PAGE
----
“It has been an amazing partnership all along. The connections between the two of us have been amazing. I have seen God opening doors.”
Their book became an autobiographical novel-type story, and it is a true story that is capturing the attention of people across the country. Tahni has been on national radio and television shows, including Fox and Friends, talking about her book and about her son Josiah, opening hearts and minds about autism and about God.
“I don’t have desire to be famous,” says Tahni. “My walk is to be obedient to God. I have to trust in him, however that plays out.”
She does, however, have a desire to educate others about autism.
“Josiah was diagnosed in 2008. People didn’t understand autism as much then. At that time, autism affected 1 in 150. Today, it affects an estimated 1 in 50 children, and is the fastest growing developmental disorder in the U.S. Despite our aggressive efforts to help him in every way possible, Josiah landed on the severe end of spectrum, as one of the 40 percent of children with autism who are nonverbal.”
Tahni’s efforts to educate started long before she had the idea to write a book. When Josiah was first diagnosed with autism, Tahni blogged through the ups and downs of their early journey, and she and her husband, Joe, produced an award-winning documentary called “Surprised By Autism.”
“We want people to know that no matter how difficult the diagnosis seems, there’s always hope with God,” said Cullen. “We could have never imagined that we would ‘hear’ words from our nonverbal son. God fills the gap where we can’t.”
Josiah has been involved in the telling of his story from the very beginning. At his suggestion, Tahni started a Facebook page, called Josiah’s Fire.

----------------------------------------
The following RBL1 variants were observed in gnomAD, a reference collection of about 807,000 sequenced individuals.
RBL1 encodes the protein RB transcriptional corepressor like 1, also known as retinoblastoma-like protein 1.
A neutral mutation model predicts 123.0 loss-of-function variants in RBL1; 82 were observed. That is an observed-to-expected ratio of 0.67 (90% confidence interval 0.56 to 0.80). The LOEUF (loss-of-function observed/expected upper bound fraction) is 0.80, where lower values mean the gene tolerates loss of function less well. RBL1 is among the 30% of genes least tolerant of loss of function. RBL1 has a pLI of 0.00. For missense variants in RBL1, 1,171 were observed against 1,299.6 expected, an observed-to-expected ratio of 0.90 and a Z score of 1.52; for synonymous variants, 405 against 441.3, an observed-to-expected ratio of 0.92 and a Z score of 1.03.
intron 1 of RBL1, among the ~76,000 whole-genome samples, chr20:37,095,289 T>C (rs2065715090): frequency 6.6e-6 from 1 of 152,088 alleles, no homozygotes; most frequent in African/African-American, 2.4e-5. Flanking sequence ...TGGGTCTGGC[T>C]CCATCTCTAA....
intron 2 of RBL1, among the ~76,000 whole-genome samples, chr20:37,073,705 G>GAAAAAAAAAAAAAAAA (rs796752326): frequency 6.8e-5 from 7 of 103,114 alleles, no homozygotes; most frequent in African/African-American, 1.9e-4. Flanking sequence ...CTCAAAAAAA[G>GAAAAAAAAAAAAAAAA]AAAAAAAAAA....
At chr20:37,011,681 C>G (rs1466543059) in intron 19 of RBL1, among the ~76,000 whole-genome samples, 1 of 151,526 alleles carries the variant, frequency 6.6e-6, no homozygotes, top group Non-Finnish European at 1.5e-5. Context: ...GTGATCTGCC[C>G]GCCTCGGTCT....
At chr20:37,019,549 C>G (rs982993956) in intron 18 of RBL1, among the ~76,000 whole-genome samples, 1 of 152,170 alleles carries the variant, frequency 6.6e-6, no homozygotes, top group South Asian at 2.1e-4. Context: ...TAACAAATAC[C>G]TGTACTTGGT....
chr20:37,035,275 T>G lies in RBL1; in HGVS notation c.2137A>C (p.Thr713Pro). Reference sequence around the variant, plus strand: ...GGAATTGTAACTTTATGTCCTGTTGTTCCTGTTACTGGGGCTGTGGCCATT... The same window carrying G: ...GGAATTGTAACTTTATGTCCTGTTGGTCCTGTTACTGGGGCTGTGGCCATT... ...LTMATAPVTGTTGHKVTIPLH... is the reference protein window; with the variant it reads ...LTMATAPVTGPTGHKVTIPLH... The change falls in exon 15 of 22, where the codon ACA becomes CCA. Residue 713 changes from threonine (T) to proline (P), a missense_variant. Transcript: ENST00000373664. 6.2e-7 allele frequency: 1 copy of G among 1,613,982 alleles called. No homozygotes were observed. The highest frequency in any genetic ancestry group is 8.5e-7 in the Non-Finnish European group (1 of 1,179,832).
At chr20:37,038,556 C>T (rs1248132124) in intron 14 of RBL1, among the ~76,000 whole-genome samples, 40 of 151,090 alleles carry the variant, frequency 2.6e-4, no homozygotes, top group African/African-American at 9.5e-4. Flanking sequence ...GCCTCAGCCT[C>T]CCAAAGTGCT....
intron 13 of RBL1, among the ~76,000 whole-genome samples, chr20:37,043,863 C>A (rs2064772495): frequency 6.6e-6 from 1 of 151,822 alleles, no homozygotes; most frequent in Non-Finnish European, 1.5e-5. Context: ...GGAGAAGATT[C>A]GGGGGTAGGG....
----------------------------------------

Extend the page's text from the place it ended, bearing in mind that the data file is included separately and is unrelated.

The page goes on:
“That was his idea,” she says. “We share portions of his quotes and poems. Even though he doesn’t have a lot of typical social interaction with people, it’s so helpful for him to have an outlet. He loves being able to share what’s going on in his heart and mind. That’s part of the message I want to share. I want people to know there is an amazing miracle component to this and to look at autism differently, especially non-verbal autism. Sometimes people assume that because they are nonverbal, they have low intelligence. I don’t think that’s true, and I think it’s safe to say that most nonverbal children with autism are actually very smart.”
Despite all the good that has happened to the Cullen family, Tahni is quick to point out there are still very real struggles daily. But she is hopeful, for her son and for others like him.
“It gives me hope,” Tahni explains. “My continued prayer every day is that the limitations of autism are off of my son. I dream for him and I want him to have dreams for himself, not be stifled by that autism label. That label should not be the final answer.”
Since her book was published in September, Tahni says a lot more has happened in the family’s life, enough for a second book. She already has the title picked out: Heaven Unsilenced.
Meantime, Tahni is thankful for the technology and learning method that has given her son a voice.